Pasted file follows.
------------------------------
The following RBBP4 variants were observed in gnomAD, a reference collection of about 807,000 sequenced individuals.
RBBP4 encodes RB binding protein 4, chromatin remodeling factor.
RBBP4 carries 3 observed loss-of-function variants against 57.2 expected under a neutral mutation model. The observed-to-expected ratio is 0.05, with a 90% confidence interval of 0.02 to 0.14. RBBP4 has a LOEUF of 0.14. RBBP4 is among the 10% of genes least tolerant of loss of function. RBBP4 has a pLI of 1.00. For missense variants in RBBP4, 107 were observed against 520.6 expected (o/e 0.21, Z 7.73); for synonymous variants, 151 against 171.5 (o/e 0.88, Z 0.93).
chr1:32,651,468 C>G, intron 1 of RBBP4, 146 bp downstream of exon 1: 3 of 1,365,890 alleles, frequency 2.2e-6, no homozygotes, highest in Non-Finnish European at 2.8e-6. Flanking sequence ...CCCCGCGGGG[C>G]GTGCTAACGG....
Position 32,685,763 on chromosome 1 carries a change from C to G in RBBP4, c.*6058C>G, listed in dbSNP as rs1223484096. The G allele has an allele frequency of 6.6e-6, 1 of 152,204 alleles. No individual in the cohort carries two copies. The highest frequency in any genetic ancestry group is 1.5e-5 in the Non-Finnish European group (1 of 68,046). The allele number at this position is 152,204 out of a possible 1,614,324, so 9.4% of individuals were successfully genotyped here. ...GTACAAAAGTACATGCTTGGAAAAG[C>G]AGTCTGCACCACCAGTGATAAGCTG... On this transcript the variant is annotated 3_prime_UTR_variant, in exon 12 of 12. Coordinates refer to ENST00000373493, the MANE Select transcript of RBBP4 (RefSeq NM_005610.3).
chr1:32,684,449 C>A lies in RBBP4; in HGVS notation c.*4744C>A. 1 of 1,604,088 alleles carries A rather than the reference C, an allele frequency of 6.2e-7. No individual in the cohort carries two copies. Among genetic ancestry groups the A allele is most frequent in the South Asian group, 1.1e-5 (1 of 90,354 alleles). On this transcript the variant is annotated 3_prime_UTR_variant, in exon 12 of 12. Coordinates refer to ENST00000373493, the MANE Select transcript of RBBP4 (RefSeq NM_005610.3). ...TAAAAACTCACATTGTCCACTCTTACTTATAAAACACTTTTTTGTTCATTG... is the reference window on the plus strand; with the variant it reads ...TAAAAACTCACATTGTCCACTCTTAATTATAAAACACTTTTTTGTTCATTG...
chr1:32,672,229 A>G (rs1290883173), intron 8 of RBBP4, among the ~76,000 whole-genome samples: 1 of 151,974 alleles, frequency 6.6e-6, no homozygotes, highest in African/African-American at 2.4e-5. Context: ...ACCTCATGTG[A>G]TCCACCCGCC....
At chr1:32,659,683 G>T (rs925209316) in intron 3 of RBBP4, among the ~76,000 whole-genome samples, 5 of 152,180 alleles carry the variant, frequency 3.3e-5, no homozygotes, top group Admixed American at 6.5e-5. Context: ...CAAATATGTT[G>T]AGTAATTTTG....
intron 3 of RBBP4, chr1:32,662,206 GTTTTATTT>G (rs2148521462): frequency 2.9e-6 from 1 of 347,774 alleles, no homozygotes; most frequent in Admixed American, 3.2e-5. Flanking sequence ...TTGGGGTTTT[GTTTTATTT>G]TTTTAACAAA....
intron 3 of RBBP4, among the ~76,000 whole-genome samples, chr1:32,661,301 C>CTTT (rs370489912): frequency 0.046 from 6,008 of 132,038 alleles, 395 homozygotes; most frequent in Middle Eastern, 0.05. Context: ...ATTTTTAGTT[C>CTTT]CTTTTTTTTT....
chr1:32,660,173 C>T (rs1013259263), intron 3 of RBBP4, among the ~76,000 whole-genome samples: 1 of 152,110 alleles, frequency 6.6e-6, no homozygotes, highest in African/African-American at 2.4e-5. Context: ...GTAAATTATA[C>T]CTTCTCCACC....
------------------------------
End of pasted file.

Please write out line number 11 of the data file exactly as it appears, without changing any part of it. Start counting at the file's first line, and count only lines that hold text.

chr1:32,660,173 C>T (rs1013259263), intron 3 of RBBP4, among the ~76,000 whole-genome samples: 1 of 152,110 alleles, frequency 6.6e-6, no homozygotes, highest in African/African-American at 2.4e-5. Context: ...GTAAATTATA[C>T]CTTCTCCACC....